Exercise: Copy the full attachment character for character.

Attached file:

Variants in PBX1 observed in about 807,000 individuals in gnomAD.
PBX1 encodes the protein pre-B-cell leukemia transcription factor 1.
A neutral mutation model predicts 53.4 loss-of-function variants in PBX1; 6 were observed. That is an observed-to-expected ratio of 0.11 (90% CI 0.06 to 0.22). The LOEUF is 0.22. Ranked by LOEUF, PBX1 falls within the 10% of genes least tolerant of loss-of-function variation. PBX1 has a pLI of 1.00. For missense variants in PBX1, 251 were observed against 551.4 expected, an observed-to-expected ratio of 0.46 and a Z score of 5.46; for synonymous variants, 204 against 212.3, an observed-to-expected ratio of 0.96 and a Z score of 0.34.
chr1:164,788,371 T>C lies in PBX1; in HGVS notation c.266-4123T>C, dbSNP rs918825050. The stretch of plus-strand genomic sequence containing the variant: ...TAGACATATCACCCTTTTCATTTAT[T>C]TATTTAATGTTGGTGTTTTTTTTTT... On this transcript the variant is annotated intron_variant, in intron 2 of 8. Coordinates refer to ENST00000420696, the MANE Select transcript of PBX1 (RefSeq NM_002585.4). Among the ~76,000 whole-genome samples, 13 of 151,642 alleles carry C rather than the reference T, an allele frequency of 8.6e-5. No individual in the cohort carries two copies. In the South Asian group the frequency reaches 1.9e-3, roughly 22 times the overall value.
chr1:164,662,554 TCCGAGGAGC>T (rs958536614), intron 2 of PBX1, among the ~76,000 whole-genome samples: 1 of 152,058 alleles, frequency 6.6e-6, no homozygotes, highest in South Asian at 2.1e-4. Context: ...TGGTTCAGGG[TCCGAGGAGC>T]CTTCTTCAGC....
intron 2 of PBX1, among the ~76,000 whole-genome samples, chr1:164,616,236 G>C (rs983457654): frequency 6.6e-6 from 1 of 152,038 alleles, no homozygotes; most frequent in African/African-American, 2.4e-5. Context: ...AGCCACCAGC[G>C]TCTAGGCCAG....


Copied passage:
Variants in PBX1 observed in about 807,000 individuals in gnomAD.
PBX1 encodes the protein pre-B-cell leukemia transcription factor 1.
A neutral mutation model predicts 53.4 loss-of-function variants in PBX1; 6 were observed. That is an observed-to-expected ratio of 0.11 (90% CI 0.06 to 0.22). The LOEUF is 0.22. Ranked by LOEUF, PBX1 falls within the 10% of genes least tolerant of loss-of-function variation. PBX1 has a pLI of 1.00. For missense variants in PBX1, 251 were observed against 551.4 expected, an observed-to-expected ratio of 0.46 and a Z score of 5.46; for synonymous variants, 204 against 212.3, an observed-to-expected ratio of 0.96 and a Z score of 0.34.
chr1:164,788,371 T>C lies in PBX1; in HGVS notation c.266-4123T>C, dbSNP rs918825050. The stretch of plus-strand genomic sequence containing the variant: ...TAGACATATCACCCTTTTCATTTAT[T>C]TATTTAATGTTGGTGTTTTTTTTTT... On this transcript the variant is annotated intron_variant, in intron 2 of 8. Coordinates refer to ENST00000420696, the MANE Select transcript of PBX1 (RefSeq NM_002585.4). Among the ~76,000 whole-genome samples, 13 of 151,642 alleles carry C rather than the reference T, an allele frequency of 8.6e-5. No individual in the cohort carries two copies. In the South Asian group the frequency reaches 1.9e-3, roughly 22 times the overall value.
chr1:164,662,554 TCCGAGGAGC>T (rs958536614), intron 2 of PBX1, among the ~76,000 whole-genome samples: 1 of 152,058 alleles, frequency 6.6e-6, no homozygotes, highest in South Asian at 2.1e-4. Context: ...TGGTTCAGGG[TCCGAGGAGC>T]CTTCTTCAGC....
intron 2 of PBX1, among the ~76,000 whole-genome samples, chr1:164,616,236 G>C (rs983457654): frequency 6.6e-6 from 1 of 152,038 alleles, no homozygotes; most frequent in African/African-American, 2.4e-5. Context: ...AGCCACCAGC[G>C]TCTAGGCCAG....